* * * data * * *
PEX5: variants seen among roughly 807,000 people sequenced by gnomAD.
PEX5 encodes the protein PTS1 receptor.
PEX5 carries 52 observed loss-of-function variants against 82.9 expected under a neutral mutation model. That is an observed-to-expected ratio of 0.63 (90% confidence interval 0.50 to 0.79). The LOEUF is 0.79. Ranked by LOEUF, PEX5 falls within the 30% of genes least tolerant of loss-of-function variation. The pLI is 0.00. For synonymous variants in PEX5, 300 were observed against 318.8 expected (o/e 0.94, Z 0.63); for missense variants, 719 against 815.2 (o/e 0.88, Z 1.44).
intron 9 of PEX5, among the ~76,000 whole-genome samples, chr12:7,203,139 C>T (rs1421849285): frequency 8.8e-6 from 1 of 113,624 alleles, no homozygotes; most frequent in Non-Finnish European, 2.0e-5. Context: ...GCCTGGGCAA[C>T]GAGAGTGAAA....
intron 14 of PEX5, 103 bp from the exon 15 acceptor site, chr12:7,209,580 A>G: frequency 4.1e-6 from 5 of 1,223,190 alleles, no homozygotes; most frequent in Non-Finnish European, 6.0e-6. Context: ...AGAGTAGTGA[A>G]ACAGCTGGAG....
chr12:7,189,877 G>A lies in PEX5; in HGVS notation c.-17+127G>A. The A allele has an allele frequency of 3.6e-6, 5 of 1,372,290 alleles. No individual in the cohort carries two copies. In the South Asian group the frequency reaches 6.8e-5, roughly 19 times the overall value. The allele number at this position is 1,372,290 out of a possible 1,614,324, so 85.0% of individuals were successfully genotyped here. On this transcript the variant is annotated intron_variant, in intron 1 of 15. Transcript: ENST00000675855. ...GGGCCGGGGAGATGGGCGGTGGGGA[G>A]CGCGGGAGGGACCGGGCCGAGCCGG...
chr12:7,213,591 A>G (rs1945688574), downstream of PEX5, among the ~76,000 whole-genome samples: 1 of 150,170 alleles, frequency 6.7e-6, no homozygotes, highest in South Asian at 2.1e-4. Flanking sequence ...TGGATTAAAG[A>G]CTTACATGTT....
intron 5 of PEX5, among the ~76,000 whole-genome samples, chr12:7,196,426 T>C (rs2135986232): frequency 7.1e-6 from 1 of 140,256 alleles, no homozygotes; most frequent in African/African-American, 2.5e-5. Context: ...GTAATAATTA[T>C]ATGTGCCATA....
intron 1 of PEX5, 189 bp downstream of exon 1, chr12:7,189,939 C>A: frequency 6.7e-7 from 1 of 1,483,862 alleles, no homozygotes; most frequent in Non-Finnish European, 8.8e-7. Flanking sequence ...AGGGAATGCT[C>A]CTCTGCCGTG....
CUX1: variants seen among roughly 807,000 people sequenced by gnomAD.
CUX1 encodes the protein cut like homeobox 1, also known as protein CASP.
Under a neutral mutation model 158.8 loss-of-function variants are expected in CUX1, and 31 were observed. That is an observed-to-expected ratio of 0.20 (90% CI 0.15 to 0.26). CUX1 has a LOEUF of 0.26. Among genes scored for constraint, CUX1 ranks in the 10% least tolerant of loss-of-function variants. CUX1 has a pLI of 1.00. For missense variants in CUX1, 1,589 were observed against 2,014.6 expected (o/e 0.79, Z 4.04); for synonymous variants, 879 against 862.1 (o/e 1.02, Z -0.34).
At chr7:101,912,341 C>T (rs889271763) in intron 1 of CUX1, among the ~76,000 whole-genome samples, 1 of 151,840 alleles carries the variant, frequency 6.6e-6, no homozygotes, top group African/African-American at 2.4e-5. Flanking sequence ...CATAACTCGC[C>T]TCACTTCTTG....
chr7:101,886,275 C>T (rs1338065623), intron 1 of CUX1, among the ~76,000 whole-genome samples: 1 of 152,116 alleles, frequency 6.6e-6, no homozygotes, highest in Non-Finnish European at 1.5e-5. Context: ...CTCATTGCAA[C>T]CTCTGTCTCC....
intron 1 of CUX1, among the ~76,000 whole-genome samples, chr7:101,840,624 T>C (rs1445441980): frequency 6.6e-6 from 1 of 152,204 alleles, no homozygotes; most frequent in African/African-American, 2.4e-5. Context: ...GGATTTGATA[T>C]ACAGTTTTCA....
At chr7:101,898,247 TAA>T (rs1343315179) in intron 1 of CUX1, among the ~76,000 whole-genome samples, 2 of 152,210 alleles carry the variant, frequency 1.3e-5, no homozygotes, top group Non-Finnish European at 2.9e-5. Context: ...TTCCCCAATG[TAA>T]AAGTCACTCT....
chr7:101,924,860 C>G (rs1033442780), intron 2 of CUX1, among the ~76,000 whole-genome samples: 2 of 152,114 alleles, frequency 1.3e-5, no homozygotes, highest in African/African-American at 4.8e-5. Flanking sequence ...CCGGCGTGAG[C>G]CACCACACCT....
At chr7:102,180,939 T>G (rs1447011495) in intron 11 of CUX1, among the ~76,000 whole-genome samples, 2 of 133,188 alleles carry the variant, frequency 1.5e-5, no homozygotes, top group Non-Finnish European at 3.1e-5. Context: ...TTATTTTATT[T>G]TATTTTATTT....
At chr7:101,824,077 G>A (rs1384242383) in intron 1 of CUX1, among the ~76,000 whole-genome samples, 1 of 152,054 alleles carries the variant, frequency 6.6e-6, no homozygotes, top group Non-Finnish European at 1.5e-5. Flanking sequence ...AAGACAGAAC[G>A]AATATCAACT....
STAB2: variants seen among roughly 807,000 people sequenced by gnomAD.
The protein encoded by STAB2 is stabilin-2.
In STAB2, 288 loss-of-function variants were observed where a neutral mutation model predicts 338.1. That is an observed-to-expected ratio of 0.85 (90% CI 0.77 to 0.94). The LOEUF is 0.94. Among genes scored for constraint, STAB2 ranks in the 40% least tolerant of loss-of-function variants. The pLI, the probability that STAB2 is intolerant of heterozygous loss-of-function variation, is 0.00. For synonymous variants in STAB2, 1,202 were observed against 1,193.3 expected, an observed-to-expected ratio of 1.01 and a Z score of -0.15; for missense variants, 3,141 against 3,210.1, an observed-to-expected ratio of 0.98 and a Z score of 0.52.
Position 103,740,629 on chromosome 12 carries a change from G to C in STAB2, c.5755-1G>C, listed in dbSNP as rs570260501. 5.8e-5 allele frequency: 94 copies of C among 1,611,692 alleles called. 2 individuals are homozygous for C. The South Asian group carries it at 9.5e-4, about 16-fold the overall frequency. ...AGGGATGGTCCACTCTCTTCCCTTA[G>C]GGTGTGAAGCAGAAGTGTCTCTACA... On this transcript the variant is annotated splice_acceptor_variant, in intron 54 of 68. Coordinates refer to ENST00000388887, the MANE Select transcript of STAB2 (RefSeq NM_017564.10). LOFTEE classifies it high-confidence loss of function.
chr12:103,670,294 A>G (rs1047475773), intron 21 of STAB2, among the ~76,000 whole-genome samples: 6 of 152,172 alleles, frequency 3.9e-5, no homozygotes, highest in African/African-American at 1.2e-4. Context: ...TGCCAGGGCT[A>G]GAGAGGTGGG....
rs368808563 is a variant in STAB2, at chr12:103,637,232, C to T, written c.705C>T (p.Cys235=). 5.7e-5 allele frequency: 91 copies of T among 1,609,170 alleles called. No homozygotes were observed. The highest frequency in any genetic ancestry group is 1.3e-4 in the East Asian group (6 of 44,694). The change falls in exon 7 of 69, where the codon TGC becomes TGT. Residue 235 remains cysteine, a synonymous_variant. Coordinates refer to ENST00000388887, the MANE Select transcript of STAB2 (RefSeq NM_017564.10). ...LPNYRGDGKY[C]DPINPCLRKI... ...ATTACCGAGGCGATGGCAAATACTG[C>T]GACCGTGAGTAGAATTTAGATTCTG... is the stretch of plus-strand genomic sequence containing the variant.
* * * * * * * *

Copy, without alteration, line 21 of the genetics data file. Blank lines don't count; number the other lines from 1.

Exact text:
The protein encoded by STAB2 is stabilin-2.